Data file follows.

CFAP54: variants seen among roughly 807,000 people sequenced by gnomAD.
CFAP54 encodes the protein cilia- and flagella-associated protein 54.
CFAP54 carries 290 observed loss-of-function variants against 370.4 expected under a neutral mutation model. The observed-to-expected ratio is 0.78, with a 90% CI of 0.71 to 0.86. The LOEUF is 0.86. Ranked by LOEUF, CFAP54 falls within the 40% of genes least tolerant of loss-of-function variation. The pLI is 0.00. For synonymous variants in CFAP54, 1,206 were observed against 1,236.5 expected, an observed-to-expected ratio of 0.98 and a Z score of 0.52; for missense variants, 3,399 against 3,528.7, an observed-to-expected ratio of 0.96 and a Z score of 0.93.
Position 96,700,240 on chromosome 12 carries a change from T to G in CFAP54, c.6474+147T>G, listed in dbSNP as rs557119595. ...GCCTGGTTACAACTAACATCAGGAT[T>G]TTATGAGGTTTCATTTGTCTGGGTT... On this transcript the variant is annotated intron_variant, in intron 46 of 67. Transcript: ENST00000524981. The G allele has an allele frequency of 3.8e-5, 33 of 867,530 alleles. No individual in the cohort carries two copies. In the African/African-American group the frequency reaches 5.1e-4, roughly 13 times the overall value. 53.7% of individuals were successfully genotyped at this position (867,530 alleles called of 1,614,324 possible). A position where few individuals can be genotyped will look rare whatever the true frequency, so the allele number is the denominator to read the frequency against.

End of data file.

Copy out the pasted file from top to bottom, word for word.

CFAP54: variants seen among roughly 807,000 people sequenced by gnomAD.
CFAP54 encodes the protein cilia- and flagella-associated protein 54.
CFAP54 carries 290 observed loss-of-function variants against 370.4 expected under a neutral mutation model. The observed-to-expected ratio is 0.78, with a 90% CI of 0.71 to 0.86. The LOEUF is 0.86. Ranked by LOEUF, CFAP54 falls within the 40% of genes least tolerant of loss-of-function variation. The pLI is 0.00. For synonymous variants in CFAP54, 1,206 were observed against 1,236.5 expected, an observed-to-expected ratio of 0.98 and a Z score of 0.52; for missense variants, 3,399 against 3,528.7, an observed-to-expected ratio of 0.96 and a Z score of 0.93.
Position 96,700,240 on chromosome 12 carries a change from T to G in CFAP54, c.6474+147T>G, listed in dbSNP as rs557119595. ...GCCTGGTTACAACTAACATCAGGAT[T>G]TTATGAGGTTTCATTTGTCTGGGTT... On this transcript the variant is annotated intron_variant, in intron 46 of 67. Transcript: ENST00000524981. The G allele has an allele frequency of 3.8e-5, 33 of 867,530 alleles. No individual in the cohort carries two copies. In the African/African-American group the frequency reaches 5.1e-4, roughly 13 times the overall value. 53.7% of individuals were successfully genotyped at this position (867,530 alleles called of 1,614,324 possible). A position where few individuals can be genotyped will look rare whatever the true frequency, so the allele number is the denominator to read the frequency against.